Last week we wrote a blog post about Gloucestershire County Council’s surprising claim that Tuffley was comparable to affluent areas of Buckinghamshire and that the people of Tuffley were ready to take on the running of their library. There was a meeting about the future of Tuffley Library on Friday 25th March. This is a report we received from an attendee.
Reflections on a public meeting. Tuffley Community Centre, Tuffley, Gloucester. 25th March 2011.
I have just returned from a depressing public meeting. The Gloucester based Three Bridges Community Partnership (TBCP) called the meeting, to discuss the closure of Tuffley library and to try to form a management group to take advantage of an offer from Gloucestershire County Council (GCC) to run a community library. Enthusiastically led by Steve O’Connor, Chairman of TBCP, accompanied by a local Gloucester City ward councillor, the meeting had disappointingly no representative from GCC or the Library Service.
GCC had taken the view that this was a meeting of local people called to discuss the retention of the library and then to go on to form a management committee to take over the running of the Tuffley library. GCC therefore deemed it necessary to keep a distance, agreeing to meet with the new management committee after its formation and then to work through the process of the take over and running of the Tuffley library in accordance with the GCC “Big Community Offer”.
The community is faced with having to organise and form a group by the end of June 2011. If no group comes forward and enters into negotiations with GCC by that date then the library will close. 500 local residents have signed and presented a petition to GCC to save the library.
Forty or so residents of the area, who attended this meeting on a Friday evening, were very clear as to exactly what they wanted. They wanted a library and they wanted a library that looked and acted as near as dammit to the one that already existed. The chair repeatedly made the point that the only way to retain the library was for a group to come forward to take on its running. The chair and local councillor had little to offer in the way of information on the process as mapped out by the GCC “Big Community Offer”. Serious questions raised about training, book stocks, health and safety issues and financing were to be the subject of future meetings and discussions with GCC. Repeatedly the chair returned to the point that the community needed to demonstrate that a group had been formed, that it had a business plan and a pool of volunteers available to carry out the tasks of running the library before any hand over could proceed. They had 12 weeks to prepare and plan.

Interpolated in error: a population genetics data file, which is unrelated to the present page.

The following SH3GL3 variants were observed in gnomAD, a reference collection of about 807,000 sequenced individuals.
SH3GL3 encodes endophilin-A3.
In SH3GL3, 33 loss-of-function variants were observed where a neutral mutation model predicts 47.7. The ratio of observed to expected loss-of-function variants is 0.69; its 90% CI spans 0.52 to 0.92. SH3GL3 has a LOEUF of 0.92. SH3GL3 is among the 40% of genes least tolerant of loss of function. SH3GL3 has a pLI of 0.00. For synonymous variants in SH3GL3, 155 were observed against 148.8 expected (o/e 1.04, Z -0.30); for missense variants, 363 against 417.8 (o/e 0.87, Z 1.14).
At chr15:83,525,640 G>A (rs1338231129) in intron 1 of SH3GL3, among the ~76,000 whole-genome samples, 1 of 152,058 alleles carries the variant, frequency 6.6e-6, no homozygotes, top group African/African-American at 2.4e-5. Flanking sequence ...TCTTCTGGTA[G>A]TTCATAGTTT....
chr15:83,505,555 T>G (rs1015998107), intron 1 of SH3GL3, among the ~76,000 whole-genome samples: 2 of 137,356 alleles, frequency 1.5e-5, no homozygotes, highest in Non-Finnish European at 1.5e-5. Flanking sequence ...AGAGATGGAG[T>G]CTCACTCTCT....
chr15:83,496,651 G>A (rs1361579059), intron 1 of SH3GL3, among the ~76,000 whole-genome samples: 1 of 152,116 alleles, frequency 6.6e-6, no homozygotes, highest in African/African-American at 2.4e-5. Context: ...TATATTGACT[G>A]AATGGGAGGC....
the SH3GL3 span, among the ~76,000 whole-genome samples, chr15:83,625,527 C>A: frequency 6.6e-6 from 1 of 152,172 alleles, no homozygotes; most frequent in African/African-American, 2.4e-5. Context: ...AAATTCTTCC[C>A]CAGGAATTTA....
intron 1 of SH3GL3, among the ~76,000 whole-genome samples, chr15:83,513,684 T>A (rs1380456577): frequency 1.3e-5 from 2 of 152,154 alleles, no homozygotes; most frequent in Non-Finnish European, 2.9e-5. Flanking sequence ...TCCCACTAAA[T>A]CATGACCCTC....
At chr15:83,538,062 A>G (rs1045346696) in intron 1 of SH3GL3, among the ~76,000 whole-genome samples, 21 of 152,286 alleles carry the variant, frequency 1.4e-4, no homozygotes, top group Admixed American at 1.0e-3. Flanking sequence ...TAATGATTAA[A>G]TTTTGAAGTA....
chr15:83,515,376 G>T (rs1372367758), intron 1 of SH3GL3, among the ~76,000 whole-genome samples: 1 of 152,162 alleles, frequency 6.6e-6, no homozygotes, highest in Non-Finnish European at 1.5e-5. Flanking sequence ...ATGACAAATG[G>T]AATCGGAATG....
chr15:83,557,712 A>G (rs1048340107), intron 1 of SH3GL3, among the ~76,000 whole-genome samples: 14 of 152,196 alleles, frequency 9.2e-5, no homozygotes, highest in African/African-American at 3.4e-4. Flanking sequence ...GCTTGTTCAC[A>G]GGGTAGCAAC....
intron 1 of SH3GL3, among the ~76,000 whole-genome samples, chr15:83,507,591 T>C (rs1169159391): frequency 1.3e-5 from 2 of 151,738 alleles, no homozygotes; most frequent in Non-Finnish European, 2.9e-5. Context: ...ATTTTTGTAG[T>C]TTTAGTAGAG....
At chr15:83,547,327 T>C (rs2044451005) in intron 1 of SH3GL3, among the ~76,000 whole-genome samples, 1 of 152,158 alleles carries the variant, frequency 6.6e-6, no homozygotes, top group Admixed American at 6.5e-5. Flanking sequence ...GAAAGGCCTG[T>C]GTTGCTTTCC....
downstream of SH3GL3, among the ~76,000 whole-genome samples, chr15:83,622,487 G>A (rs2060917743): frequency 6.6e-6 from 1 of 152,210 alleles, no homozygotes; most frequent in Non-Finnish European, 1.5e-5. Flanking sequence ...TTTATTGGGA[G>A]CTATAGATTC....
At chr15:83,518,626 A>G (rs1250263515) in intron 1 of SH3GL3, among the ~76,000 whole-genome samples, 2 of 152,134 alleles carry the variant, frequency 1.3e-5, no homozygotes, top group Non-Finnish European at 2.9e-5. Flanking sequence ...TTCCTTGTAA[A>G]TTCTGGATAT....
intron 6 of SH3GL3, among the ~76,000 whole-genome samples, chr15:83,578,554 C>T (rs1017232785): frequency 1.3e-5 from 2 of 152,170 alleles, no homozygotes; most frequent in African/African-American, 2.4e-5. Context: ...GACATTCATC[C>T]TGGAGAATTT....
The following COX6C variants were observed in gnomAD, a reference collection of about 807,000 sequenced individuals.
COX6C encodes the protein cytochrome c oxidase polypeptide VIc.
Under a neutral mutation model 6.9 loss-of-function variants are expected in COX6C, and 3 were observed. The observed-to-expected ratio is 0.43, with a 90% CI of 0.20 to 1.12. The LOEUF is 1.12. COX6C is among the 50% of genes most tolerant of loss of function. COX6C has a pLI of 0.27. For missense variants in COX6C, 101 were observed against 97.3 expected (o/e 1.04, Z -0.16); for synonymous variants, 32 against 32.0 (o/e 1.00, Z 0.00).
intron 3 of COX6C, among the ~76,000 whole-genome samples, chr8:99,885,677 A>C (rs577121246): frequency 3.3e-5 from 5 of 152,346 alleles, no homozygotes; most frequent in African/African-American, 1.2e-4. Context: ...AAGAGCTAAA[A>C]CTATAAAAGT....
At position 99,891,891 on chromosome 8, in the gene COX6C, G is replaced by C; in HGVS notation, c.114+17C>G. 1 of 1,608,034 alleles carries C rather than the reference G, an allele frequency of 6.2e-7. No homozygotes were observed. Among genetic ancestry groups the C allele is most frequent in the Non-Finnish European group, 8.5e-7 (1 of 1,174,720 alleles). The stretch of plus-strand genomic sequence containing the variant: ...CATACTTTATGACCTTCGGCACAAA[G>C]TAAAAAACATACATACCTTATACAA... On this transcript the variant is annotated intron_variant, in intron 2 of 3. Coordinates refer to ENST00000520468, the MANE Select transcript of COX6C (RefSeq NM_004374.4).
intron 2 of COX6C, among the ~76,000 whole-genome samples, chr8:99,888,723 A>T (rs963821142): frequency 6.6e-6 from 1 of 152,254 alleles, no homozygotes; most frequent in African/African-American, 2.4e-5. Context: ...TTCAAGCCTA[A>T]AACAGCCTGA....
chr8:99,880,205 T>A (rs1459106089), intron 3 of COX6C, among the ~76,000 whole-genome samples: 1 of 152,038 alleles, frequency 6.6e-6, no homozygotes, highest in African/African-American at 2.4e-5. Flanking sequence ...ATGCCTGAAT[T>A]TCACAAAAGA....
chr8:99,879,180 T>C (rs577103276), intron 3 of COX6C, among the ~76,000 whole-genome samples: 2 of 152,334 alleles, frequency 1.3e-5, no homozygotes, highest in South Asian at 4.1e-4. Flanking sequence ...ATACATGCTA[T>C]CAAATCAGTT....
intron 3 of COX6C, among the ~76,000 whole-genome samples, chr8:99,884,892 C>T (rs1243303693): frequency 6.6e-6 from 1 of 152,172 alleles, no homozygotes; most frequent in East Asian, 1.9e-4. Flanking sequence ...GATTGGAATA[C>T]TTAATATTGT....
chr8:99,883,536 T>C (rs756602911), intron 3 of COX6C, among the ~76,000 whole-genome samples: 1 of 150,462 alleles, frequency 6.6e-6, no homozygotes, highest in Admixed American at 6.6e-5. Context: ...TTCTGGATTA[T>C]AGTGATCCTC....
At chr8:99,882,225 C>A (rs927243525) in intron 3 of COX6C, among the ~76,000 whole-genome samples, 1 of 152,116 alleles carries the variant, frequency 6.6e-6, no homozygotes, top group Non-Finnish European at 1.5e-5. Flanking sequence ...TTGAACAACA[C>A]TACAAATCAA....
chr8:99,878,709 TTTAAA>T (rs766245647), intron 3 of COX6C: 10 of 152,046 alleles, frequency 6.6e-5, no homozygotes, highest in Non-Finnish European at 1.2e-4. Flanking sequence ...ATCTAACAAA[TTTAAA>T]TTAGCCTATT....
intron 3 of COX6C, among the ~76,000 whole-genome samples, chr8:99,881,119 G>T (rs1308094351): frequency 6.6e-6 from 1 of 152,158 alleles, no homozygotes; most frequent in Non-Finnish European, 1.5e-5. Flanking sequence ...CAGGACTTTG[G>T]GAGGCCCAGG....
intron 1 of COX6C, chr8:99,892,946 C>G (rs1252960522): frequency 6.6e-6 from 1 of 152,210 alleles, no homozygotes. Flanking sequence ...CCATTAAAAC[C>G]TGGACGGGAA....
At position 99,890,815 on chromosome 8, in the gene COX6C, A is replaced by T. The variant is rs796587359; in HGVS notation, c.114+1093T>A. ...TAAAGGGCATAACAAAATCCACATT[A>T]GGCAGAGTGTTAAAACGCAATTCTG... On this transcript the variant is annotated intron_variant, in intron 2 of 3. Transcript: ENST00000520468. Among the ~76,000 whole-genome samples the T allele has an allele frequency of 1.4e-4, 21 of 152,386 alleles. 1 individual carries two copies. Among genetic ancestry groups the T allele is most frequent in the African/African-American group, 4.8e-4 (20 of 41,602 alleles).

Disturbingly when the question was asked, who from the meeting would be prepared to serve on a management committee only one hand was raised. People may be willing to give a little time to acting as volunteer library assistants in the day to day running of the library but to take on the responsibility of management was a step to far. It was not that within the group there was no expertise. There were qualified librarians, people with management experience and skills, teachers and library users. The project would be supported by the Three Bridges Community Partnership, which had gained vast experience in financing and running successful community projects in the last eight years. But when push came to shove the task that the group perceived to be ahead of them proved to be to daunting.
I must ask why GCC deemed it necessary not to attend and support this embryonic group at its very founding. The group needed to feel that the county council was with them. It is in the very early stages of collaborative projects that trust and confidence are built. Open dialogue and the provision of factual information are key. It is from a secure base that strong local organisations are successfully built. No wonder then that several of the contributors towards the end of the meeting were feeling let down by GCC and also felt that they were being set up to fail.
It is clear that GCC are winning a battle to divest the county of the public library service. When asked GCC Cabinet members and councillors say that they are not actively working to close libraries. GCC have made their Big Community Offer. But surely any such offer must be a two-way offer, something more than just resources. It should be an offer where residents feel supported enough to take on responsibility. Through meetings like those in Tuffley, GCC are thus able to demonstrate that people and communities care so little that they are not prepared to get involved in the running of community libraries. In 12 weeks Tuffley library is more than likely to close.
Attending the meeting in Tuffley I had hoped to be in at the birth of a new community initiative. On reflection though I feel that I attended a wake for the library service of yet another community in Gloucestershire.
25th March 2011.
So what now GCC and why the premature, supreme confidence less than a week ago? Meanwhile I still await an explanation from library portfolio holder Cllr Noble regarding her comparison of Tuffley to affluent Buckinghamshire.